Thursday, June 13, 2013

Krzysztof Herdzin – Looking For Balance (2011)

Krzysztof Herdzin - piano
Gregoire Maret - harmonica
Piotr Baron - saxophone
Marek Napiorkowski - guitra
Robert Kubiszyn - bass
Cezary Konrad - drums
with
Sinfonia Viva Orchestra

UNIVERSAL 602527877860

By Adam Baruch

Polish pianist / composer / arranger Krzysztof Herdzin is without a doubt not only the most versatile musician in his country, but also extremely prolific and obviously accordingly talented. He likes to work with as many different musical settings as possible, from a piano trio to large scale orchestral extravaganzas, seemingly with equal ease and success. This is one of such "out there" projects, which features Herdzin's original music played by a Jazz ensemble and accompanied by a full scale string and woodwinds orchestra.

The ensemble comprises of Herdzin's regular trio, with bassist Robert Kubiszyn and drummer Cezary Konrad, and three guests: guitarist Marek Napiorkowski, saxophonist Piotr Baron and Swiss harmonica player Gregoire Maret (of Pat Metheny Group fame), who is the featured soloist. The Sinfonia Viva Orchestra is responsible for the orchestral parts.

The music belongs broadly to the Jazz & Strings format, which of course was tried many times before. The Jazz ensemble plays a set of very melodic, relaxed and lyrical compositions, taking solos in turn, with Maret being the principle soloist. The harmonica is relatively rarely used as a solo instrument in the Jazz framework and with the exception of a few known cases (most notably the Belgian Toots Thielemans) is usually associated with less challenging music. Of course in the hands (and mouth) of a very talented player it can sound quite virtuosic, as is the case here, but it adds another dimension of "sweetness" to the proceedings, which borders with overdoing it. Personally Baron's contributions on this album are the most interesting, albeit being decisively too limited.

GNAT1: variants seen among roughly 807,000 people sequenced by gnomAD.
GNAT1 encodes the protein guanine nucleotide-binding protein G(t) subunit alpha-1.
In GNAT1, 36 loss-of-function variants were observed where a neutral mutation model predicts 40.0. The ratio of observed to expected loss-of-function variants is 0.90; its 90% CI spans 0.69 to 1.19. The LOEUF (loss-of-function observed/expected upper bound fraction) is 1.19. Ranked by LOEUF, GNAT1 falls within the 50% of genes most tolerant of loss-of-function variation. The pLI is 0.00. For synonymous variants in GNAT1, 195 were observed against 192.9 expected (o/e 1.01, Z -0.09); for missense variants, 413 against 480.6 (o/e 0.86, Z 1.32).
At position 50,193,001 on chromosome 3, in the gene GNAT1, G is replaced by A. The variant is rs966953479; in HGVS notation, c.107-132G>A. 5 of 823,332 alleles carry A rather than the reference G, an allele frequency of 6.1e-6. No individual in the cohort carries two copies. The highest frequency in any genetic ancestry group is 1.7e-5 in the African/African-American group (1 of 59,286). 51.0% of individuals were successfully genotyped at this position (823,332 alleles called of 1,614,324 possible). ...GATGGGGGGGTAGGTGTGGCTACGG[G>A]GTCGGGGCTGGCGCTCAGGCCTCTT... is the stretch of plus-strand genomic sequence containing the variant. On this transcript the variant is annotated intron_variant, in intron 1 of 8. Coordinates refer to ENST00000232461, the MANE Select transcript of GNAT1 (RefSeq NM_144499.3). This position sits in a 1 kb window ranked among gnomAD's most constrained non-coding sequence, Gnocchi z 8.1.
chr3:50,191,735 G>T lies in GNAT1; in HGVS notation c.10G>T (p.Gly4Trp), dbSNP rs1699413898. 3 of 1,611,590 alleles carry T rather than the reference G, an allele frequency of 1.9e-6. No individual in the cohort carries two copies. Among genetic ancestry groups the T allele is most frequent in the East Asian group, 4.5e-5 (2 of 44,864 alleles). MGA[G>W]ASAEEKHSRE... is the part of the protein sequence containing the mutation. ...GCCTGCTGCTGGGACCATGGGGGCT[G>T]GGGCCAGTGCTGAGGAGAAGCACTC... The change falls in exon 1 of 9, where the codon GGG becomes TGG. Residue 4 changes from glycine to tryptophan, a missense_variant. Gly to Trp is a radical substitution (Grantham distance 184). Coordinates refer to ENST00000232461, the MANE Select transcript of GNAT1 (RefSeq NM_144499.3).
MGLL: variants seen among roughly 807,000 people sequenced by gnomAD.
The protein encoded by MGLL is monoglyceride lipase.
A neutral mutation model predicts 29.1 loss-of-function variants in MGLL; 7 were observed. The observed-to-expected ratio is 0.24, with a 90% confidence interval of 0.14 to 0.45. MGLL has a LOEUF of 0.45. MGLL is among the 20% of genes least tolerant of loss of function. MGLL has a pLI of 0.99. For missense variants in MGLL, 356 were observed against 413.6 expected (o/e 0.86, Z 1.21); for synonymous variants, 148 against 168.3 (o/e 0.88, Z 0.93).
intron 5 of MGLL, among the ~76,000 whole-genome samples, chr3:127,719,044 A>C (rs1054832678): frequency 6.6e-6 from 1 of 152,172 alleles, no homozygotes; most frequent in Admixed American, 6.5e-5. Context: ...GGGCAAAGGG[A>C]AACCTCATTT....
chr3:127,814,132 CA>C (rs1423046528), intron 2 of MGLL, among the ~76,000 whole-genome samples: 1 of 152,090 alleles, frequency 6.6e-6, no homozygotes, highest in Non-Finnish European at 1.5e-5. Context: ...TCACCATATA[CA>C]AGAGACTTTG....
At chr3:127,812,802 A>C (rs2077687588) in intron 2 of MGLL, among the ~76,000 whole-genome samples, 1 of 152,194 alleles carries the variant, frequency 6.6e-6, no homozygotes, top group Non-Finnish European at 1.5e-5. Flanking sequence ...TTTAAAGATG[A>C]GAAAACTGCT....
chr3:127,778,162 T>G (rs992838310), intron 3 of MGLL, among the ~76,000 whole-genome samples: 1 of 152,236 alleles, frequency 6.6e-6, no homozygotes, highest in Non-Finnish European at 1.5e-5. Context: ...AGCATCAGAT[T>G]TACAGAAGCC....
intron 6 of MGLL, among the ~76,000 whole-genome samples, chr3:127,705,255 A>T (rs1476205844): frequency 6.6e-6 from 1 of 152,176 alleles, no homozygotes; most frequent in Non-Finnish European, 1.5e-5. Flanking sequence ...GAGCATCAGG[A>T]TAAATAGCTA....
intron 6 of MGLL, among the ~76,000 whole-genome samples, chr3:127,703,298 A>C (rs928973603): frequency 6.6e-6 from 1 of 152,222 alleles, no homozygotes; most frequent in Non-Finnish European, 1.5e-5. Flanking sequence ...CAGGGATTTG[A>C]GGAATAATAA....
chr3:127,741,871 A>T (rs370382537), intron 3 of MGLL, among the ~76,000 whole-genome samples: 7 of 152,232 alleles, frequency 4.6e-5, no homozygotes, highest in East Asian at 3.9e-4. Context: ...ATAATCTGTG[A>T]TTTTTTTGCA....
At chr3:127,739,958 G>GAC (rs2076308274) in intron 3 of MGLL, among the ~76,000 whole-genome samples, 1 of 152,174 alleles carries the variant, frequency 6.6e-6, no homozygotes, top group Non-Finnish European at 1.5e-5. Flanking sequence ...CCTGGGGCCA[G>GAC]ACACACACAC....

The orchestral arrangements are elegant and kept in good taste, playing only the second fiddle (pun intended) in the proceedings. Although excellently played and masterfully arranged, they seem to be merely ornamentation, contributing little to the actual musical content other than setting an atmospheric background. There is definitely a fine balance and cooperation between the ensemble and the orchestra, but full musical integration is not achieved here, perhaps purposely. Herdzin of course proves that he can easily handle the orchestral arrangements any way he pleases.

Overall this is a very nice album, which many listeners will find pleasing and enjoyable. For hardcore Jazz fans this might be a bit too sweet to swallow (especially those with diabetes like myself), but nevertheless it is professionally executed classy music, accessible to a wide audience, which definitely has its merits.

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